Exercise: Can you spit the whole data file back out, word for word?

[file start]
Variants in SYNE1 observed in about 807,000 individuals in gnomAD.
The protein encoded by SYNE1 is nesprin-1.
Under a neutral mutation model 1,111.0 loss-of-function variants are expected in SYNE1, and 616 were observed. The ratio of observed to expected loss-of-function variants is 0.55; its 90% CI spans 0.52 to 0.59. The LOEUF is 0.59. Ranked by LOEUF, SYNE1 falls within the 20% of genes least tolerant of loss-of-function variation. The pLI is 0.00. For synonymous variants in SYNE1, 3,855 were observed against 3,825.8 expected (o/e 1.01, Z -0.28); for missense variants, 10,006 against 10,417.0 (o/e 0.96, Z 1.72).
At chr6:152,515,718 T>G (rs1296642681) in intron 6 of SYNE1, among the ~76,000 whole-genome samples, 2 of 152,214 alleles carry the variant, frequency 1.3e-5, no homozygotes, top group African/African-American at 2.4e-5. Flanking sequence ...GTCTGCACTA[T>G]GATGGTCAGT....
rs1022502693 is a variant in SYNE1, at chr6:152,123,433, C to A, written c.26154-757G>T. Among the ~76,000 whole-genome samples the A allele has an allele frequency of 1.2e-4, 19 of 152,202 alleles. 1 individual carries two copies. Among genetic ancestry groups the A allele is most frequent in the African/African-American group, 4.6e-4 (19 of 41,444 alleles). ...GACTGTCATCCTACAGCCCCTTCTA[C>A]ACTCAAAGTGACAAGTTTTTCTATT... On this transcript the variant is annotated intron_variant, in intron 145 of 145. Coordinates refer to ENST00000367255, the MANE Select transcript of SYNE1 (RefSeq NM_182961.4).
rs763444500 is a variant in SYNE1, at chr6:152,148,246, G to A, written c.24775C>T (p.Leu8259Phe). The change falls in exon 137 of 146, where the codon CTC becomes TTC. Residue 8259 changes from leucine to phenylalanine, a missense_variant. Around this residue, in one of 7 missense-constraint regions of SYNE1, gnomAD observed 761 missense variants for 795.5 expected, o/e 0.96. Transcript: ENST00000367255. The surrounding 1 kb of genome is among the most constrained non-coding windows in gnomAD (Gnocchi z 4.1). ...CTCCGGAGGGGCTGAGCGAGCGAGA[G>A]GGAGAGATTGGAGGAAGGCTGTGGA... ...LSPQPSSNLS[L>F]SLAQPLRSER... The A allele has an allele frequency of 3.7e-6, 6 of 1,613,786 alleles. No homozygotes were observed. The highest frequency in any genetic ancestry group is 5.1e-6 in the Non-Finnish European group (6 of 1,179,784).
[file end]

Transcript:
Variants in SYNE1 observed in about 807,000 individuals in gnomAD.
The protein encoded by SYNE1 is nesprin-1.
Under a neutral mutation model 1,111.0 loss-of-function variants are expected in SYNE1, and 616 were observed. The ratio of observed to expected loss-of-function variants is 0.55; its 90% CI spans 0.52 to 0.59. The LOEUF is 0.59. Ranked by LOEUF, SYNE1 falls within the 20% of genes least tolerant of loss-of-function variation. The pLI is 0.00. For synonymous variants in SYNE1, 3,855 were observed against 3,825.8 expected (o/e 1.01, Z -0.28); for missense variants, 10,006 against 10,417.0 (o/e 0.96, Z 1.72).
At chr6:152,515,718 T>G (rs1296642681) in intron 6 of SYNE1, among the ~76,000 whole-genome samples, 2 of 152,214 alleles carry the variant, frequency 1.3e-5, no homozygotes, top group African/African-American at 2.4e-5. Flanking sequence ...GTCTGCACTA[T>G]GATGGTCAGT....
rs1022502693 is a variant in SYNE1, at chr6:152,123,433, C to A, written c.26154-757G>T. Among the ~76,000 whole-genome samples the A allele has an allele frequency of 1.2e-4, 19 of 152,202 alleles. 1 individual carries two copies. Among genetic ancestry groups the A allele is most frequent in the African/African-American group, 4.6e-4 (19 of 41,444 alleles). ...GACTGTCATCCTACAGCCCCTTCTA[C>A]ACTCAAAGTGACAAGTTTTTCTATT... On this transcript the variant is annotated intron_variant, in intron 145 of 145. Coordinates refer to ENST00000367255, the MANE Select transcript of SYNE1 (RefSeq NM_182961.4).
rs763444500 is a variant in SYNE1, at chr6:152,148,246, G to A, written c.24775C>T (p.Leu8259Phe). The change falls in exon 137 of 146, where the codon CTC becomes TTC. Residue 8259 changes from leucine to phenylalanine, a missense_variant. Around this residue, in one of 7 missense-constraint regions of SYNE1, gnomAD observed 761 missense variants for 795.5 expected, o/e 0.96. Transcript: ENST00000367255. The surrounding 1 kb of genome is among the most constrained non-coding windows in gnomAD (Gnocchi z 4.1). ...CTCCGGAGGGGCTGAGCGAGCGAGA[G>A]GGAGAGATTGGAGGAAGGCTGTGGA... ...LSPQPSSNLS[L>F]SLAQPLRSER... The A allele has an allele frequency of 3.7e-6, 6 of 1,613,786 alleles. No homozygotes were observed. The highest frequency in any genetic ancestry group is 5.1e-6 in the Non-Finnish European group (6 of 1,179,784).